An Opportunity of a Life Time
Peter Wade

It was September 1992, at Fred Thurston’s Farm in New Gloucester, Maine when I attended my first NAVHDA Invitational. At that time, I was the Director of Testing for the Yankee Chapter and was a worker for the event. I met the judging team, which consisted of Bodo Winterhelt, Bill Jensen, John Kegel, Bob West, Pat Lamantia, Larry Reese, and Joe Dolejsi, as the alternate. I was very impressed with the entire weekend, meeting the people that I had only read about, and seeing the best that NAVHDA had to offer.

Over the next 13 years, I was still working on that elusive UT prize I, which seemed to be just out of my grasp. In the fall of 2005, on the same grounds that I attended my first training clinic and the 1992 Invitational, it finally happened; UT prize I / 204 with my dog Gretta. So, plans to participate in the 2006 Invitational in Ohio were in the works.

We trained with numerous people and at different locations to prepare for the test. A special thanks to all of the people that took the time to talk and to train with me over that summer. Once that Gretta and I were ready, and we had traveled to Ohio, we had a great time meeting new people, catching up with old friends, and sharing stories and training tips. Each morning, as the handlers and their dogs would line up and wait to be introduced, you could see the excitement and nervousness in their faces. As the national anthems were sung by a young college student, the hair on the back of my neck stood up and the excitement built. Each of the judges came by to shake our hands and to wish each handler good luck. This was the Daytona 500 of the dog tests. I was proud to be a part of this organization and to have the chance to run my dog in this group of the best of the best. I was fortunate enough to qualify my hunting companion as a VC, which was the icing on the cake.

In the early spring of this year, I was getting ready for work one morning and checked my email. There was a message from the NAVHDA office, which was asking me to be a Judge at the 2007 Invitational! At first, I thought I was misunderstanding the message. Did I mention it was 4 am. So, I needed to tell my wife the news. I went upstairs and woke her. Since she was half awake, she thought I was joking. She then asked, “Are you serious? Are you going to go?” I then said, “Hell yeah!” So, then I started making plans to attend the 2007 Invitational as a judge. What an honor!

Attending this year’s Invitational was just as exciting as last year. Attending as a judge was just as nerve racking as the one before. It was great to see old friends and meet new ones. It’s always exciting to talk about family, dogs, training and hunting with so many people that have the NAVHDA bug.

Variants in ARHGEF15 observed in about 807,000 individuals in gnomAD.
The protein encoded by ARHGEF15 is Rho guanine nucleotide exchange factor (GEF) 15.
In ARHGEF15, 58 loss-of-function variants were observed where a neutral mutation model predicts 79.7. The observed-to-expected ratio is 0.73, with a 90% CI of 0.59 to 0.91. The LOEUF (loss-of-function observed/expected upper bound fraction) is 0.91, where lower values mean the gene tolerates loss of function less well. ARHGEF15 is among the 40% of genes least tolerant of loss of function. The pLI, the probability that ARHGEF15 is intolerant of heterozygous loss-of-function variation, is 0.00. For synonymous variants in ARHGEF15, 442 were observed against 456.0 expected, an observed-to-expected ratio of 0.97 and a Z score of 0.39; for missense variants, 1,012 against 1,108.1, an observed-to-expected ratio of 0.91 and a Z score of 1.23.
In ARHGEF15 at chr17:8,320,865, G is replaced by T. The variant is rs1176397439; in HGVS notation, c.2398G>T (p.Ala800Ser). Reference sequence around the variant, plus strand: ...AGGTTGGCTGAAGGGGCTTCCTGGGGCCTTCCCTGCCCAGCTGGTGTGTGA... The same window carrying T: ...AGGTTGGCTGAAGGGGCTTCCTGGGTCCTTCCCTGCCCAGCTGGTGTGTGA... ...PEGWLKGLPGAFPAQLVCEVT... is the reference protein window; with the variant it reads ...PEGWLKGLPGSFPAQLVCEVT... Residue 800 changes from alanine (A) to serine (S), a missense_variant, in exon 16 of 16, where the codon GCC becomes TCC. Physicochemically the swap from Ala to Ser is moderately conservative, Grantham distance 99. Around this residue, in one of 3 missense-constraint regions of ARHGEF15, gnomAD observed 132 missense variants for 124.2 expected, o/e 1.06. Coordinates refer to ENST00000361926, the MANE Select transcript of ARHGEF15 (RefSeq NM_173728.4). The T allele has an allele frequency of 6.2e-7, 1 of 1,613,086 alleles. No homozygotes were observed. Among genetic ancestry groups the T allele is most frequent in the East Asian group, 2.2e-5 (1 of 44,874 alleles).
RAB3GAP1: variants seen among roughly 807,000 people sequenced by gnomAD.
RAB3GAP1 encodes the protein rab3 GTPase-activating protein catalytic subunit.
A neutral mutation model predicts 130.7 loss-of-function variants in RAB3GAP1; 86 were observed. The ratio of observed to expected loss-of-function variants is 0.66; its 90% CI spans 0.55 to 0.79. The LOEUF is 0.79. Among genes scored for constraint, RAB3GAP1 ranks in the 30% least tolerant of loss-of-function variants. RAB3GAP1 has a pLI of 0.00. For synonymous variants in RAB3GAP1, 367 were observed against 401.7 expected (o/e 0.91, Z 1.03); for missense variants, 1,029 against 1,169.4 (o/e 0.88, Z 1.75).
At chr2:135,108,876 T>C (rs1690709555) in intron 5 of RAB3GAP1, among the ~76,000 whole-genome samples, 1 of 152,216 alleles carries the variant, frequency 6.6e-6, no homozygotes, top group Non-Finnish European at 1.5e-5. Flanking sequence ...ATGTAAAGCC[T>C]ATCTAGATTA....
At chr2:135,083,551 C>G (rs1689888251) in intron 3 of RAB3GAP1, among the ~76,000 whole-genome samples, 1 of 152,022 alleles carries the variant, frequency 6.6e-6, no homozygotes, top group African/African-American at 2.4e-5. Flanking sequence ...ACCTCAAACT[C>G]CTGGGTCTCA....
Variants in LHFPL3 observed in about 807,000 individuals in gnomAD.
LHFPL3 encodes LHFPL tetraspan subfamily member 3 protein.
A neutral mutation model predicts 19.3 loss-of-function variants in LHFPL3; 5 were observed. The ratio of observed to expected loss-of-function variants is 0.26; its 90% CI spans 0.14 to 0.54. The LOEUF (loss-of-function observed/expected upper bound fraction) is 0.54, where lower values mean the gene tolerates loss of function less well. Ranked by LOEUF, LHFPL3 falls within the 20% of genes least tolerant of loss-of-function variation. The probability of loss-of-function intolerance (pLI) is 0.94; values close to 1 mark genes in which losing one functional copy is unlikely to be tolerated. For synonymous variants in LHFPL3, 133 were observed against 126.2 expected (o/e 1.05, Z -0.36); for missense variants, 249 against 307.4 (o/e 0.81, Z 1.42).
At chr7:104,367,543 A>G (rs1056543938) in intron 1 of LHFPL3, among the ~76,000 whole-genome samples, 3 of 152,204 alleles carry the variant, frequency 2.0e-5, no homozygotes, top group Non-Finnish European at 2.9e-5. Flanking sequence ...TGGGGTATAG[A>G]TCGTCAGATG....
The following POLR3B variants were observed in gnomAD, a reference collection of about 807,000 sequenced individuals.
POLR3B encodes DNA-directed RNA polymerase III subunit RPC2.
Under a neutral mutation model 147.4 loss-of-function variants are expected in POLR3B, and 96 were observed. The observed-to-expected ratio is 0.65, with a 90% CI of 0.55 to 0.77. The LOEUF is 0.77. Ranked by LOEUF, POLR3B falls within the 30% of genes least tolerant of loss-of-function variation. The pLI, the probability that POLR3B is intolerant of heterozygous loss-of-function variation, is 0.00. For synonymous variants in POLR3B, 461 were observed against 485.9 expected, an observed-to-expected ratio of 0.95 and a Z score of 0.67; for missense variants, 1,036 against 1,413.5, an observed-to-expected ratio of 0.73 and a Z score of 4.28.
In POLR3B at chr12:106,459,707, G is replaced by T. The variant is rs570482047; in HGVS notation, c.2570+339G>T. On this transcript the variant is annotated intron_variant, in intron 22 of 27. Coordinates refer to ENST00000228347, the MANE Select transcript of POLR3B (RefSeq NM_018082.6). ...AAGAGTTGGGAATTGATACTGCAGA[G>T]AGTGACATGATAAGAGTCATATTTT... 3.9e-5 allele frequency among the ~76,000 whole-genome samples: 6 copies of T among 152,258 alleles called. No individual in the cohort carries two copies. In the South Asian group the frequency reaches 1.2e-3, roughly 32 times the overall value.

The first day, Wednesday, was the set-up day. The judges arrange the water sites and make sure the fields are ready to go for the next day. The next day, Thursday, is the first day of testing. Every day starts with the opening ceremonies; all of the pomp and circumstance that any sports event of the highest caliber would demonstrate. You are realizing that you are part of something very big, very spectacular. The American and Canadian flag were flying high. Both national anthems were played. The hair on the back of your neck is standing tall. You know that each and every one of these dogs and handlers has worked so hard to be here on this day. The judging team greets every handler, with a hand shake. I told each one of them “Good Luck and Have Fun,” knowing how nervous they were. As each day started the same way, this same excitement was felt each day.

As a first time judge, the system is designed that you have the opportunity to be an alternate with the various parts of the test for the first two days. This was a great way to see all aspects of the test and how things were going to happen. Thursday, I spent the morning at the water site for the wing-taped duck and walking at heel and the afternoon was at the water site for the honoring and blind retrieve. On Friday, I was in the field all day. On Saturday, I was in the field as an official member of the judging team. On Sunday, I was at the water site for the honoring and blind retrieve. Each day, it was a great experience to see some amazing dogs work, as well as, some dogs and handlers experience the “agony of defeat,” knowing it was a very disappointing day for them. You know that some of these handlers are judges and have been here before, whereas other handlers are experiencing this amazing event for the very first time. It is definitely a “WOW” for all of them.

My message to you is that if you have never attended an Invitational before, then try to do so. Whether you go as a worker, a handler or a judge, you will truly enjoy this opportunity. To quote Jim Moe, “You will see the best of the best that NAVHDA has to offer”. It is amazing to see all of the work that goes into this International event. It makes planning a local UT test look like a walk in the park. This is an amazing undertaking for a chapter to host. There is so much pre-planning and work by so many people to make this successful for everyone. I want to thank all of these people that made this a great event. Thanks for making my judging experience a great one.

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